16

My advisor sets the problem. I implement the solution for this particular problem and for the set of similar problems using a programming language.

My question is, can I put the code in the public domain, if I decide to do so. And can I run the code for other people in exchange of co-authorship for their papers?

Again, my advisor did not ask me to write the code, he asked me to solve the problem.

  • 9
    Github != public_domain. – Federico Poloni Mar 23 '13 at 20:01
  • 2
    You don't state whether you work on this problem under an employment. If yes, then typically the employer will hold copyright, otherwise you should retain copyright in your work. – silvado Mar 23 '13 at 20:04
  • 3
    Also, this depends on your country. – cbeleites Mar 23 '13 at 21:22
  • 1
    Is your supervisor OK with that? – Piotr Migdal Mar 24 '13 at 1:21
  • Regarding the second part (authorship for using) - it deserves a separate question; could yo ask it? – Piotr Migdal Mar 24 '13 at 1:22
16

Most of the universities I've worked for have been quite explicit that they consider such material as "work for hire" meaning that they own the rights. In that case you need to find out what the university policy is.

Often you are allowed to open-source the code, but you have to find out.


I'm in the United States.

  • My question is about the difference between finding a solution for a particular problem, and implementing it (maybe in my spare time) as a program for some general-case scenario. – NPcompleteUser Mar 23 '13 at 19:41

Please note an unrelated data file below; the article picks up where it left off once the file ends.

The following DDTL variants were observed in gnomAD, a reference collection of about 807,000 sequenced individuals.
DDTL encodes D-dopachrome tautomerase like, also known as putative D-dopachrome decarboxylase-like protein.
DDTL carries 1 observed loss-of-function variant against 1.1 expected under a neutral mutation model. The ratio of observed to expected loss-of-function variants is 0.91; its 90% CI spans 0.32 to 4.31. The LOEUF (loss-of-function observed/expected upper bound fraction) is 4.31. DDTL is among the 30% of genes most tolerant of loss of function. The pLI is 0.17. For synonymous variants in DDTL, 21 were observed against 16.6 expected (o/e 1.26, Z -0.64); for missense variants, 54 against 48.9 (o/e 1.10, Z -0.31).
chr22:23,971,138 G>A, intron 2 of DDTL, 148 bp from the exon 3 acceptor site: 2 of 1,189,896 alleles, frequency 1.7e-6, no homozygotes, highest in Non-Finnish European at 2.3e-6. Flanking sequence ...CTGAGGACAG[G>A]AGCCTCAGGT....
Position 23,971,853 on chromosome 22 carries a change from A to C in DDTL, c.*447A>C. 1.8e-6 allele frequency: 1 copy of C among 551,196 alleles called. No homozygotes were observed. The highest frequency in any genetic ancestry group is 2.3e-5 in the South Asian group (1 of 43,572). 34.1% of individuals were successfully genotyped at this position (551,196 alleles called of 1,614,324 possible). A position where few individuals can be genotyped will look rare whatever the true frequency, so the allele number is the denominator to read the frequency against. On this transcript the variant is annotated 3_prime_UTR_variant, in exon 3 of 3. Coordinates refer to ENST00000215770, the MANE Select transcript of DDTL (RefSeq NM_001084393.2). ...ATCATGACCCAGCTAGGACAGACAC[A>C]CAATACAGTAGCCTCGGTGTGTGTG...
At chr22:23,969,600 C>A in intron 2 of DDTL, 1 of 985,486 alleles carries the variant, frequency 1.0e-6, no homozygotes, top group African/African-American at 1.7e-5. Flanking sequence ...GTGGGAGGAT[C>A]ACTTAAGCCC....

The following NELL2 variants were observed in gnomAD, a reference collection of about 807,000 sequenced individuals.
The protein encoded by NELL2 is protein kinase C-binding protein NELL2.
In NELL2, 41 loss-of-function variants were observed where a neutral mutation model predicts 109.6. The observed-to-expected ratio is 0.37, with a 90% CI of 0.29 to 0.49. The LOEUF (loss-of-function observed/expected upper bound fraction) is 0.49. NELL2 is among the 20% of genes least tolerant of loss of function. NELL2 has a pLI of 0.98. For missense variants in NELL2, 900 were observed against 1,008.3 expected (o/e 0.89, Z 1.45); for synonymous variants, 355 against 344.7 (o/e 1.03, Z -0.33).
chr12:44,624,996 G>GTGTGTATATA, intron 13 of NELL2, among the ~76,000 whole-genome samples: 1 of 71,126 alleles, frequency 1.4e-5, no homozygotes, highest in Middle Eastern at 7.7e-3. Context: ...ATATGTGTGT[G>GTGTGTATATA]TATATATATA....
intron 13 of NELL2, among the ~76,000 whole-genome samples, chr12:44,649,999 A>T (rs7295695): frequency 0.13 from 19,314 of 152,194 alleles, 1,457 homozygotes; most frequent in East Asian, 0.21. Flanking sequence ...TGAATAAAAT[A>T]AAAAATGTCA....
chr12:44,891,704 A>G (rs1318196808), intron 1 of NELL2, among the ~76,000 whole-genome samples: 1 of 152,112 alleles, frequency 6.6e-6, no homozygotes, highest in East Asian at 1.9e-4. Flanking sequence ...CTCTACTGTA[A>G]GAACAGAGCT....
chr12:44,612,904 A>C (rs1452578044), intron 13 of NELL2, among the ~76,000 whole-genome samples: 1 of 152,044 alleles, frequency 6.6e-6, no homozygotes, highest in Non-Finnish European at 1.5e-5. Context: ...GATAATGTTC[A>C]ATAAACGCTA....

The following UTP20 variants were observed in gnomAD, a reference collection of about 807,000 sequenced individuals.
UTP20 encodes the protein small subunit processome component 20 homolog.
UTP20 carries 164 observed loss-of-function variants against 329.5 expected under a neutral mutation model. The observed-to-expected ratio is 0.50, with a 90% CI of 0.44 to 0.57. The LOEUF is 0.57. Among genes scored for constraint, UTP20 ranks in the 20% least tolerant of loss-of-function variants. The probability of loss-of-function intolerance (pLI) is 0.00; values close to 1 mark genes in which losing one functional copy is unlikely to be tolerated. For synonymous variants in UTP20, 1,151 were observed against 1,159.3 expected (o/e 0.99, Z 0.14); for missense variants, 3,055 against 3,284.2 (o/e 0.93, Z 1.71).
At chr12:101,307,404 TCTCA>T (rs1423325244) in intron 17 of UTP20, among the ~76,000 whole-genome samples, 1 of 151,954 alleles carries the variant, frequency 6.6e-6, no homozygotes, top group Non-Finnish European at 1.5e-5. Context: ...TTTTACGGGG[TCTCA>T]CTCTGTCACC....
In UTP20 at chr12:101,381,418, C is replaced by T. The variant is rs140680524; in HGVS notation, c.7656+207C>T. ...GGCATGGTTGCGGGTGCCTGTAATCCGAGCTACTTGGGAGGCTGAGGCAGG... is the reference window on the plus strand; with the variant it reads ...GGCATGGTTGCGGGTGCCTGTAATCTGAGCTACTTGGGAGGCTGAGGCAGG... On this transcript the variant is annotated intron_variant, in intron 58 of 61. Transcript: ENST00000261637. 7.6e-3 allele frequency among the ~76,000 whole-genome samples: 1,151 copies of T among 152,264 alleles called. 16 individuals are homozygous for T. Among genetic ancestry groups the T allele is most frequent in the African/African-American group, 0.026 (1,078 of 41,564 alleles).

• 3
    As I read the paperwork they make me sign every year, anything I do to solve a problem I've been given is claimed to belong to the uni. In principle you could fight that claim, but there is some risk. IANAL, but if you are planning to take this work with you, you should (1) talk to a lawyer and (2) firewall it carefully: only work on it on personal computers, using personal software, not while sitting in your office, not communicating with anyone about it over your employer's network, etc. etc. – dmckee Mar 23 '13 at 20:11
  • @dmckee It may depend on place. Also, if it is not patentable (etc), it is very unlikely that he will get into legal problems for sharing work (especially without license claims). Anyway, I did put some code (for my paper) on GitHub and used Creative Commons license, and I am still alive (as of today ;)). – Piotr Migdal Mar 24 '13 at 1:24
  • @dmckee thanks for the IANAL part, will keep in mind. – NPcompleteUser Mar 24 '13 at 1:46
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    @dmckee Sure, if it is about making business (or has potential for that) then it is a different story. Anyway (at least for research-only stuff) even if one cannot open-source something, perhaps one can still publish something (e.g. on GitHub) with appropriate (e.g. (C) Univ. of XXX) license. – Piotr Migdal Mar 24 '13 at 13:30
13

Copyright differs a lot between countries. However, here I'd recommend to come to a mutual agreement without thinking about copyright fights in the first place.